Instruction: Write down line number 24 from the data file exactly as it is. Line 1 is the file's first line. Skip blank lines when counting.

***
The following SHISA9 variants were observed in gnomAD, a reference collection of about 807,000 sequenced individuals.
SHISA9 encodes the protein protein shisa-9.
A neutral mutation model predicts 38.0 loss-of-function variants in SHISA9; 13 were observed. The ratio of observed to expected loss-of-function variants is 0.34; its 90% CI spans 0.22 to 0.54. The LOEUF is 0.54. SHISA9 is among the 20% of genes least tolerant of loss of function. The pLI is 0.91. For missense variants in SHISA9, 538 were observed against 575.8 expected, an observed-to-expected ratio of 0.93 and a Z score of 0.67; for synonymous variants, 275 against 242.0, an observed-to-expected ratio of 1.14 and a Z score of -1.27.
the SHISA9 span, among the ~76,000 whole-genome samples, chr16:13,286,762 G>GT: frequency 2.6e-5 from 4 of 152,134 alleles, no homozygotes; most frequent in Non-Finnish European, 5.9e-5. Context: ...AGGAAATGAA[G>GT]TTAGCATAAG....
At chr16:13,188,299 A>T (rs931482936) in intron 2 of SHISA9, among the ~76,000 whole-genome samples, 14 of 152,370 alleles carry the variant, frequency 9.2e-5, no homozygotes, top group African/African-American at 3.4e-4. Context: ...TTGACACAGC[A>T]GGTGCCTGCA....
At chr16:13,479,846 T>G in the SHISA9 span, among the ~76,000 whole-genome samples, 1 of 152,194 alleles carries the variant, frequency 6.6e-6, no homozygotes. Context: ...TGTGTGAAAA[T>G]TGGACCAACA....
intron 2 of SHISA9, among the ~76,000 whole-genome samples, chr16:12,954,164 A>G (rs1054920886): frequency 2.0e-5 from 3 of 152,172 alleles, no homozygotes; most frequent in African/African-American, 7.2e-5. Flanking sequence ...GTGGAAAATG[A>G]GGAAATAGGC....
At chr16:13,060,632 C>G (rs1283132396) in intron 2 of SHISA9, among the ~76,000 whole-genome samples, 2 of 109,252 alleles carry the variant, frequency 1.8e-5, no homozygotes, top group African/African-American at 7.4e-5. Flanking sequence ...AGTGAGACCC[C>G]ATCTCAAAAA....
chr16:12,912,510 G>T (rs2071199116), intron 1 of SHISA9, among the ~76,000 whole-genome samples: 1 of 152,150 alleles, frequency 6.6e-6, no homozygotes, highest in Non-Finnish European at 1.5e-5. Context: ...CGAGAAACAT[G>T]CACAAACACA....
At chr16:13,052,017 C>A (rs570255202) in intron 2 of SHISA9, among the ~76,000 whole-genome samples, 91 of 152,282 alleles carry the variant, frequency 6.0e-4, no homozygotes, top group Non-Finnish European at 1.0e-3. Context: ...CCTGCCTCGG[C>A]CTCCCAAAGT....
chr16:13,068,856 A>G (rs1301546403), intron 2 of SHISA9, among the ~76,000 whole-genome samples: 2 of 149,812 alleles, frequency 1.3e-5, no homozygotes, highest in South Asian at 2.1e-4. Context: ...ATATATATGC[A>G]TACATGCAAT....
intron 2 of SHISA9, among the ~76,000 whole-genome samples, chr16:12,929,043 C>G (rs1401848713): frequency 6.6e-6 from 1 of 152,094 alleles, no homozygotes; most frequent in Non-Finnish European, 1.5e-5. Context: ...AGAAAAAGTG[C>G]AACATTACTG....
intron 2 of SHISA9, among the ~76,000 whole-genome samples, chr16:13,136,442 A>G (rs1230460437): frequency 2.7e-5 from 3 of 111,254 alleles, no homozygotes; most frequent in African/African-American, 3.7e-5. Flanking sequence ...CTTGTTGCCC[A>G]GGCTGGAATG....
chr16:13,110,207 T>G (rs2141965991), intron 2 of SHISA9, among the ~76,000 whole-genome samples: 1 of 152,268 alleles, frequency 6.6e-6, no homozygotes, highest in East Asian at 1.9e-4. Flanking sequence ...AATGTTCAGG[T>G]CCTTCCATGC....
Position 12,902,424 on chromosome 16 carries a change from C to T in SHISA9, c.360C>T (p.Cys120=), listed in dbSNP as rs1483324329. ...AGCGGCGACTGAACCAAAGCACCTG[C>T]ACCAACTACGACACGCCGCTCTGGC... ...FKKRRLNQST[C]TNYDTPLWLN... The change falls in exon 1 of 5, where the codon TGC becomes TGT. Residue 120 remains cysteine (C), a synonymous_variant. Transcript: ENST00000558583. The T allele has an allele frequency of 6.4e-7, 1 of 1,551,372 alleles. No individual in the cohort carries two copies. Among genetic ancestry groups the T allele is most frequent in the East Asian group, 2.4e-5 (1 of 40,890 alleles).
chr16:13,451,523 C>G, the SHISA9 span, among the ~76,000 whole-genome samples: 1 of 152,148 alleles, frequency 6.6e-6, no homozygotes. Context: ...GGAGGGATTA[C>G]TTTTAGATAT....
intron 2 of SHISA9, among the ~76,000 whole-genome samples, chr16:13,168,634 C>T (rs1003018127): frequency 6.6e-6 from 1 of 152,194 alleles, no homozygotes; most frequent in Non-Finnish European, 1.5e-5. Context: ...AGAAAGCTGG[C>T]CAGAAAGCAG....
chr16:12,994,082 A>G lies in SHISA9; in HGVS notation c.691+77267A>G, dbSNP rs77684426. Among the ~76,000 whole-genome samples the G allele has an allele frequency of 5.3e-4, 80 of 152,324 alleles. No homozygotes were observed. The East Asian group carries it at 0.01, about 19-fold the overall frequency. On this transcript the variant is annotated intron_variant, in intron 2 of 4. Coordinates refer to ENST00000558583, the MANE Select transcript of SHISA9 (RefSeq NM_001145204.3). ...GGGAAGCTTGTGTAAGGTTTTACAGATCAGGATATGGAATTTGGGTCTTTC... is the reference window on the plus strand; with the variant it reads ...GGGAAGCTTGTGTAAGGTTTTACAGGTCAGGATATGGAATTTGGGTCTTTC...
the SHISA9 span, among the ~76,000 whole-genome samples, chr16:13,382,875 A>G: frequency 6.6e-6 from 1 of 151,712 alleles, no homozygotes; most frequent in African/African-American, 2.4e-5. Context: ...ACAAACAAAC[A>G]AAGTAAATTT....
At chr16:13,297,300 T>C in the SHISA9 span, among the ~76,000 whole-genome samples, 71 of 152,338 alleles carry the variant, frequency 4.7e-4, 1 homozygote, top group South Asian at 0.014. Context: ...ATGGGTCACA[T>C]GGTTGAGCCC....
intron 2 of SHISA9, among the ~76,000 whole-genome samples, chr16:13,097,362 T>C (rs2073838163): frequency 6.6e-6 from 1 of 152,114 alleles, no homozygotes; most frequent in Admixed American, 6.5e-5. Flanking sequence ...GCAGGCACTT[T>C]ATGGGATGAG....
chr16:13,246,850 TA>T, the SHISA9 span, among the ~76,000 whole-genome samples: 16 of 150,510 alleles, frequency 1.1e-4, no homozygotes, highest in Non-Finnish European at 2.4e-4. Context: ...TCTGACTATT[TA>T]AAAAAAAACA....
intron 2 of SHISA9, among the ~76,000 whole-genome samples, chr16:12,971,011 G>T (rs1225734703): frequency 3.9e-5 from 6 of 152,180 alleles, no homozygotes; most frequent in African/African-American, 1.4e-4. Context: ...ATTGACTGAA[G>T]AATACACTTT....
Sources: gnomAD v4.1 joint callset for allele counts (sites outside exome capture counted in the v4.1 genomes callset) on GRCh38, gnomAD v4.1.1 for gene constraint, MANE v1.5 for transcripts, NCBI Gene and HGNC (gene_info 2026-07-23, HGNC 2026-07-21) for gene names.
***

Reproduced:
Sources: gnomAD v4.1 joint callset for allele counts (sites outside exome capture counted in the v4.1 genomes callset) on GRCh38, gnomAD v4.1.1 for gene constraint, MANE v1.5 for transcripts, NCBI Gene and HGNC (gene_info 2026-07-23, HGNC 2026-07-21) for gene names.